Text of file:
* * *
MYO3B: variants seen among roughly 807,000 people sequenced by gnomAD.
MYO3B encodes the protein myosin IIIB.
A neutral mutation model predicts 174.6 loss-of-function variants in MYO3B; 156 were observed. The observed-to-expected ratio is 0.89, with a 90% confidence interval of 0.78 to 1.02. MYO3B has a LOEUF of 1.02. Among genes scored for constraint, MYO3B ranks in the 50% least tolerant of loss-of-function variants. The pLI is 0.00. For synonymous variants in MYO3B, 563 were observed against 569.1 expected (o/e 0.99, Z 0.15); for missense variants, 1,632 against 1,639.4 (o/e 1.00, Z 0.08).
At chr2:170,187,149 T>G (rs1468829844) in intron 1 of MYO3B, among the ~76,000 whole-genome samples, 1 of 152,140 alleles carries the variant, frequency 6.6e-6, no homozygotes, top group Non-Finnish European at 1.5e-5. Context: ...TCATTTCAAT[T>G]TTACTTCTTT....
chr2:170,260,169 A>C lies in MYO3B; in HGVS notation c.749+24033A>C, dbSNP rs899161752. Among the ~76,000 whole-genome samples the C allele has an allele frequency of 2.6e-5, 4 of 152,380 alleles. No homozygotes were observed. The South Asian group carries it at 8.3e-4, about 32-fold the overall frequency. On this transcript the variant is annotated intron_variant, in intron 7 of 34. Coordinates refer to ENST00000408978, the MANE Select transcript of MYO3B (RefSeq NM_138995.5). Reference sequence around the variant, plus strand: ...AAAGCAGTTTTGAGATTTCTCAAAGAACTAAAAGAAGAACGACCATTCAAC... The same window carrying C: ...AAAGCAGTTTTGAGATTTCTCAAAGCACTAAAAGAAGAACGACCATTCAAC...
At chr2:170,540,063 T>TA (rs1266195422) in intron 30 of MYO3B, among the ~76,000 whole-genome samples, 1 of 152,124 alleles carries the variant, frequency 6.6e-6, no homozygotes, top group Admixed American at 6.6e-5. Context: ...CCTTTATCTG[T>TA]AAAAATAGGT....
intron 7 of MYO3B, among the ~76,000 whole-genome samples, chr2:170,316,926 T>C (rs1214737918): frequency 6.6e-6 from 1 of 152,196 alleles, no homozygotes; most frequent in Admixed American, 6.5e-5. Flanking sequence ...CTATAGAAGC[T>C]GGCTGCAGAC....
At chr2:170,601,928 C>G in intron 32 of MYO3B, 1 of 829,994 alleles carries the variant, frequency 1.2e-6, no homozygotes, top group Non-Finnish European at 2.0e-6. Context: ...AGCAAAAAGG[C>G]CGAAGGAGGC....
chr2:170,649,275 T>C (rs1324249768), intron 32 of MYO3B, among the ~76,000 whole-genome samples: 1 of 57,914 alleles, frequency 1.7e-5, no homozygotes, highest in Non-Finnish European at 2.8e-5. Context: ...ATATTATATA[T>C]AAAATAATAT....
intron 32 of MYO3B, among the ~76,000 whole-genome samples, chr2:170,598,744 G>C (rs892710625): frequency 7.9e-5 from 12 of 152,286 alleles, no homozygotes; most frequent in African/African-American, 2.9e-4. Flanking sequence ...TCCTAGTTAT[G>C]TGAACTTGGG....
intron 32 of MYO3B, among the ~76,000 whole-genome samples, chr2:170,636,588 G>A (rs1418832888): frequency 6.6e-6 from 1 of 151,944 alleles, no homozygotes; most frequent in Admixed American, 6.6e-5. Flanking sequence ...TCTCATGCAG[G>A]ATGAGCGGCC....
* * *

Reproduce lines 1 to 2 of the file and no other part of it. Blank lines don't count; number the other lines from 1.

MYO3B: variants seen among roughly 807,000 people sequenced by gnomAD.
MYO3B encodes the protein myosin IIIB.